Bodybuilding Reviews / Videos
Beyond the Pain: The Vicki Nixon Story
Reviews by Gerry Triano and Mike Emery

 

Beyond the Pain: The Vicki Nixon Story
Format: DVD
Issued by: Mike Pulcinella Video Productions
Length: 83 minutes
Year: 2008
Availability: http://www.vickinixon.com/store.html
“Downsize Me” clip: http://www.youtube.com/watch?v=y6Tql9jGDsk 

I just viewed this DVD and my first reaction is WOW. 

Mike Pulcinella has done it again. He has filmed a documentary of depth, emotion, candor and insight. There is not much available on DVD about women's bodybuilding. Pumping Iron II: The Women (1985) is a panorama shot of this sport, which focused on the early ‘80s phenomenon of Bev Francis. Mike's DVD is a zoom-in close-up of the same sport, as seen through the dedication and sacrifice of IFBB pro Vicki Nixon.

The “Downsize Me” clip has one of the central themes presented on the DVD. Vicki speaks of two annual letters from the IFBB asking female bodybuilders to downsize themselves to look more feminine, each one requesting a 20% reduction in muscularity (for a total of 40%, or nearly half their muscle mass). Yet the larger, more muscular women are still winning the shows. Bodybuilding is basically about muscularity. I like the women to have feminine lines and look like women, but feel they also should look like bodybuilders. There is a lot of food for thought about women’s bodybuilding in this documentary.

Mike and Vicki are not afraid to do a "warts and all" presentation of the sport. Dedication is a theme which permeates here: Vicki's dedication to her sport despite the ailments and pain she has endured, her dedication to her husband Brian, also a competitive bodybuilder, and his dedication to her and her goals. It’s wonderful to see how much they support and love each other.

Vicki is multifaceted and multidimensional, and the film’s ending is upbeat. Though retired from the competitive side of the sport, she will go on with her life and pursue other interests while still enduring her pain. She refuses to give in to adversity, and that contributes to making her a special lady and athlete.

NPC national champ Dave Pulcinella is a force here as well, on the DVD and behind the scenes with his background piano. As he did for Raising the Bar II, Martin Bailey effectively scores the electronic music for the film. 

Highly recommended -- in "Ebert speak," two thumbs up. I only have two thumbs, or it would be many more!

Gerry Triano
June 2008


Mike Pulcinella’s film profile of IFBB pro Vicki Nixon is an inspiring look at the career of a high achiever in bodybuilding and life. Vicki has been competing since 1985; in a bonus clip on the DVD, we see her demonstrating poses for a 1992 ESPN TV broadcast with Carla Dunlap (my favorite female bodybuilder of all time). Vicki went pro at the 2004 Team Universe, and competed several times in IFBB shows until she retired from competition this year due to health constraints. All this is the tip of the iceberg, though. This film delves below the surface in order to show what brought Vicki to this point in life.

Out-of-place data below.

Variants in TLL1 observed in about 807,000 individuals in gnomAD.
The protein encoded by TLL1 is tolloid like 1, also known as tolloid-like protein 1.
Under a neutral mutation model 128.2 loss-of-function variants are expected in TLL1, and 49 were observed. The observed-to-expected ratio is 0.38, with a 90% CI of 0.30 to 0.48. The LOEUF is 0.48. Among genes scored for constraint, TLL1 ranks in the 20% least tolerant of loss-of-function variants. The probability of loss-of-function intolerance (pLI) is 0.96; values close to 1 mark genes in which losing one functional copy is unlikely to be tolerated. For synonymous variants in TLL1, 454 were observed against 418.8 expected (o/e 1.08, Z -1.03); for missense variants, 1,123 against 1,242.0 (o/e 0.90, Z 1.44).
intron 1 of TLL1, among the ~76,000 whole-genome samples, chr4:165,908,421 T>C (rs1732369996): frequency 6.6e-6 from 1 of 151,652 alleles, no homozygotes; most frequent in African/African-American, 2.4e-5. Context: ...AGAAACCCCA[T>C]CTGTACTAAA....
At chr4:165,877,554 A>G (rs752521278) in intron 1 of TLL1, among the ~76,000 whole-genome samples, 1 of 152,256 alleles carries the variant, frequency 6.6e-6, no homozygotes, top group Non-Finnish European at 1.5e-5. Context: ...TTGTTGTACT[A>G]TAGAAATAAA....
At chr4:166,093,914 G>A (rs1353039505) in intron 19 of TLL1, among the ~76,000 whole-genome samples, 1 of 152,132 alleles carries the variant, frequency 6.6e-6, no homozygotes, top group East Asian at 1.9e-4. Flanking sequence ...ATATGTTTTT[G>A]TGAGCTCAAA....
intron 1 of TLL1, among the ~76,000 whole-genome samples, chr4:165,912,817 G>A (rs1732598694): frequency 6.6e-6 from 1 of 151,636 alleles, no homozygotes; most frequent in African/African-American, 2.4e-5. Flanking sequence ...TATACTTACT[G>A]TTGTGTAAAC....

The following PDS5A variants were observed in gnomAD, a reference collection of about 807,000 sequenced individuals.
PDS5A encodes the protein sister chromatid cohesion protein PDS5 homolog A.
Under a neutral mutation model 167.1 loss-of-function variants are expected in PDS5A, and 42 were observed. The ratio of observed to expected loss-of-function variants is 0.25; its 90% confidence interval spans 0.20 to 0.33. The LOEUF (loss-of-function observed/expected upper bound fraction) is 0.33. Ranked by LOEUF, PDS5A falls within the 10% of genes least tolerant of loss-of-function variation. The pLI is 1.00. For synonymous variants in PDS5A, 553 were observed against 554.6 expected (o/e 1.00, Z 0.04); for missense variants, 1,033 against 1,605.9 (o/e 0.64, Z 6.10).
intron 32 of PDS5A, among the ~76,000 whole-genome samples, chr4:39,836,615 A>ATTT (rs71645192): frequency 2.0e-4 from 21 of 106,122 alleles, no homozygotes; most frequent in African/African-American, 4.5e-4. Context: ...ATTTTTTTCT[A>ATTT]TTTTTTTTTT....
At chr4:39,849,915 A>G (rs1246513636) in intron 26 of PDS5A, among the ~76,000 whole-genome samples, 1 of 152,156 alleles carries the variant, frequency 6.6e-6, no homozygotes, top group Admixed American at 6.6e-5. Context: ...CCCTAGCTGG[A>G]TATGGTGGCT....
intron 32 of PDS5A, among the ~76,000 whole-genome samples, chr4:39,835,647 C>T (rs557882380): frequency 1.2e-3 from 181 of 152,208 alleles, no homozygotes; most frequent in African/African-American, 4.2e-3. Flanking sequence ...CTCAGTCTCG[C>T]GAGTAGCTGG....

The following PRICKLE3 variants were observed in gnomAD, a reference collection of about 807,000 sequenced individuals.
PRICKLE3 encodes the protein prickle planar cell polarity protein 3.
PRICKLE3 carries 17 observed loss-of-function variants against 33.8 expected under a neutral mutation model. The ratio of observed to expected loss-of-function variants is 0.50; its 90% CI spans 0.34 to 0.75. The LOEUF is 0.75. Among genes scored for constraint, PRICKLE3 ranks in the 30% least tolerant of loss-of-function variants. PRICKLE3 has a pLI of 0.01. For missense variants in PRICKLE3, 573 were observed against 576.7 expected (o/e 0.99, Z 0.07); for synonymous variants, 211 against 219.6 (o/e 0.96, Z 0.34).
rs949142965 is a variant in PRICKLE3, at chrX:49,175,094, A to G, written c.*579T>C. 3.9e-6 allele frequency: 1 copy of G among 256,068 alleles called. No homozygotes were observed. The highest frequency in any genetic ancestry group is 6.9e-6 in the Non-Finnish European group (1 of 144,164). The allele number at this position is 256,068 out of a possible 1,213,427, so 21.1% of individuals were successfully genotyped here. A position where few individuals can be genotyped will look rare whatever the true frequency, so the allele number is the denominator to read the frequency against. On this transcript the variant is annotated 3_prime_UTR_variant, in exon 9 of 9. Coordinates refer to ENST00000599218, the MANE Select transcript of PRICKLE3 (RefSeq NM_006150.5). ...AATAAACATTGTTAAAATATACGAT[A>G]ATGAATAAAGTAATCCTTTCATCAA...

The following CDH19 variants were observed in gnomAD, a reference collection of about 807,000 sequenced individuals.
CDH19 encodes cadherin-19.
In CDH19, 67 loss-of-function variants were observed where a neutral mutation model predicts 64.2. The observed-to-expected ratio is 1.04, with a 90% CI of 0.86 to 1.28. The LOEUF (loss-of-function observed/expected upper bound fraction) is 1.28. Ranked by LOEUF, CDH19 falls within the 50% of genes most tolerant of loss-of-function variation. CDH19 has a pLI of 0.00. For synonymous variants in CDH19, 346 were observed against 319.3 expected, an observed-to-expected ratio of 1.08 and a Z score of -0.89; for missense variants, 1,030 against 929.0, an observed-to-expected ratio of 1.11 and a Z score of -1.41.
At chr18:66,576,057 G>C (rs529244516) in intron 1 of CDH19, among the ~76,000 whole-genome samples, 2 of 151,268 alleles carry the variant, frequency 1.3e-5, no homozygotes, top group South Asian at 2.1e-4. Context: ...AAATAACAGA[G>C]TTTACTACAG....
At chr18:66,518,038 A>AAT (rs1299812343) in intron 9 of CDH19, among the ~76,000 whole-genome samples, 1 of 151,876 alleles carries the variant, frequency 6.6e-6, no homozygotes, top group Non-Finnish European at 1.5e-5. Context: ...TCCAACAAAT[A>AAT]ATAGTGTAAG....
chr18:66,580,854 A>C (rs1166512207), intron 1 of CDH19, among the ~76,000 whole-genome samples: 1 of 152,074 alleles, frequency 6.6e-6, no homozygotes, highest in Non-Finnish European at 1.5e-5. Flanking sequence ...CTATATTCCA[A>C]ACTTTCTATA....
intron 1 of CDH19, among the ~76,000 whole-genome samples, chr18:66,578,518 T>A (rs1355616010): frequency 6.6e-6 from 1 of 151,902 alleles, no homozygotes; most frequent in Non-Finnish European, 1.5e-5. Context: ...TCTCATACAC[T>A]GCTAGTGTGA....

The film is a dual profile, for Vicki’s husband Brian is as much a part of it as she is. They are a lucky couple – a compatible, mutually supportive pair who met in the gym and never left it. Brian is a rarity among male bodybuilders – a modest, soft-spoken man – and his excellence as an NPC competitor helps give the film its upbeat ending. I hope he’ll continue at the national level in masters competition; he would do well.

While the film deals with the pressures and pleasures of a bodybuilding career, the title gives away its true theme: getting where you want to be despite the curves life throws you. Life’s limits take several forms for Vicki. Her health problems (some of them unrelated to training) take a toll on her and Brian. The most vivid scenes in the film occur in hospitals: you see an operation in progress at one point. Another limit is Vicki’s past, including an early marriage that ended in divorce. The IFBB’s and NPC’s annual rule changes for female competitors offer another challenge (well captured in the film’s “Downsize Me” sequence).  Fortunately Vicki’s parents have been supportive, and she has been luckier in her relationships since the ‘80s. The limits she faces now are external; the inner ones are taken care of. 

It has been said the unexamined life is not worth living. Vicki has worked long and hard to examine hers, finding ways forward regardless of setbacks. As for determination, Vicki has more than most people can imagine. Striking the right balance, finding what you do well, surrounding yourself with the right people – Vicki has done these things. This film, beautifully made by Mike Pulcinella, shows life not as a competition, but as a journey towards the things that matter most. It’s a stunning piece of work.

Mike Emery
July 2008

 

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